Alaria esculenta, also known as Atlantic wakame, grows in thick beds on low surf-battered ledges. It’s the most challenging seaweed to harvest, and our personal favorite. We are honored to be able to harvest such a delicacy from the islands. In the spring, Alaria grows vigorously, putting on a foot a week in May. The plants must be harvested during a narrow window in early summer, after they have put on reasonable growth but before the punishing surf tatters the thin leaves. We harvest only the tender first year plants in the annual zone, leaving the deeper perennial plants to replenish the ledges with their spores. Alaria is rich in calcium, among other minerals, and contains a broad spectrum of vitamins – especially vitamin A and the B vitamins. Unlike Japanese wakame, which is often blanched, Alaria is dried in the sun in its natural state. Alaria’s delicate dark green leaf is delicious and beautiful in soups, salads and stir fries.
For a basic Alaria STIR FRY, soak one cup of Alaria in 2 1/2 cups water for fifteen minutes. Remove Alaria from water and slice into fine strips. Slice shiitake mushrooms, leeks and one block of tempeh. Combine with Alaria and 2 tablespoons tamari, 2 tablespoons olive oil, 1 teaspoon crushed ginger and 3 cloves crushed garlic in a hot skillet. Add 3/4 cup Alaria soaking water after about 5 minutes and simmer for another 10 minutes. Towards the end of the cooking time add 2 teaspoons of sesame oil.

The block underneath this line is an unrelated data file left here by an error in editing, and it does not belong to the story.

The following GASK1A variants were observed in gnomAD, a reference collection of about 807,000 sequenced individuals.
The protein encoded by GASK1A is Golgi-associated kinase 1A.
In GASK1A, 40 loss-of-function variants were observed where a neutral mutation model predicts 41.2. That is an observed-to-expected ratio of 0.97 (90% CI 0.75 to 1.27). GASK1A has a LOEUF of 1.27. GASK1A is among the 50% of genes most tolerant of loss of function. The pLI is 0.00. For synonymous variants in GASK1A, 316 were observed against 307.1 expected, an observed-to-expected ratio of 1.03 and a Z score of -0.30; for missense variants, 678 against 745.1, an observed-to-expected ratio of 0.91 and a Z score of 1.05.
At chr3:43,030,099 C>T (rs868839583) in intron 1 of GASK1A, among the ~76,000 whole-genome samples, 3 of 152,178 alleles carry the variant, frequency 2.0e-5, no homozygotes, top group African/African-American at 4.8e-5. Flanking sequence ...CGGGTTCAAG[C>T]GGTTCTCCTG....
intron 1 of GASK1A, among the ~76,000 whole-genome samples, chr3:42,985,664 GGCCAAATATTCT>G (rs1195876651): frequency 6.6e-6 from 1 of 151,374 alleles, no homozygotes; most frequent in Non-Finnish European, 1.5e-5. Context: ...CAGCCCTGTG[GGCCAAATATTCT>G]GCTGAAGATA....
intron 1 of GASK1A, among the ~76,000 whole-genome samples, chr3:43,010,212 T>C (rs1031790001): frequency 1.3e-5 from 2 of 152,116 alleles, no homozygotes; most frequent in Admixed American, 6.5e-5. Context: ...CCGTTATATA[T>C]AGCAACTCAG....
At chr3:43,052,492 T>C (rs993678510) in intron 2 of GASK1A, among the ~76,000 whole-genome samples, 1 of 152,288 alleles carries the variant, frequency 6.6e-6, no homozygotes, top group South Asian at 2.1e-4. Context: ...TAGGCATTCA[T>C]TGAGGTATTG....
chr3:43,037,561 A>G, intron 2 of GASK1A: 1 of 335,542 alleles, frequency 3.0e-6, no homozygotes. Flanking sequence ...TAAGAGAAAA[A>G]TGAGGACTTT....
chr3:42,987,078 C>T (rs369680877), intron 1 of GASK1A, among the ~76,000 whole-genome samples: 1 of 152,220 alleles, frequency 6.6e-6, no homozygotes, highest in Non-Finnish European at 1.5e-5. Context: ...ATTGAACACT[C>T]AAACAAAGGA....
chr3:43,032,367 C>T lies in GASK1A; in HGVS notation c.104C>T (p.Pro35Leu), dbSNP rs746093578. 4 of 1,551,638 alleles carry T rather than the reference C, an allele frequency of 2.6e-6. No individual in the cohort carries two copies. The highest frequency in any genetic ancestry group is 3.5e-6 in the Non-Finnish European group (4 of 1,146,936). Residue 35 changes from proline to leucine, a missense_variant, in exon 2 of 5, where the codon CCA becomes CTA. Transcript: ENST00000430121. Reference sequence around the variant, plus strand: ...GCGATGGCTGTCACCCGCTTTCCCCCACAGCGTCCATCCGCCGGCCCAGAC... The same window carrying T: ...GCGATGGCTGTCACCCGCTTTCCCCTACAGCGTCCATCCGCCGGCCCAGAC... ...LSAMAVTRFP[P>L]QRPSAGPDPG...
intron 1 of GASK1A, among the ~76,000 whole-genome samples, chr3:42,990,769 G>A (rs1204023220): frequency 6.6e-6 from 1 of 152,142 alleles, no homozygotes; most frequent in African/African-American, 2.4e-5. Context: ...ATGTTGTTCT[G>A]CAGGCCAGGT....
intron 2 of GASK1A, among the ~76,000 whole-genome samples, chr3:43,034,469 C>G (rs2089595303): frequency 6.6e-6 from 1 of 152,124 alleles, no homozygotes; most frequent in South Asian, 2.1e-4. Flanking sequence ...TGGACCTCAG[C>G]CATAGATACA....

Wakame is the classic seaweed to use in MISO SOUP. Simmer the Alaria in dashi soup stock or water for fifteen minutes. Add fresh or lightly sautéed vegetables such as carrots, leeks and kale and simmer for another 10 minutes. Regular or deep fried tofu makes for a heartier soup. Remove 1/4 cup of broth and cream with one to two tablespoons of miso per cup of soup stock as the vegetables near completion. Add this to soup and remove from heat. Garnish with scallions and ginger.
Try Alaria in LENTIL SOUP. One half cup for every two cups of legumes will fortify and flavor the broth as it dissolves.
We prefer to sell our seaweed in bulk to reduce packaging.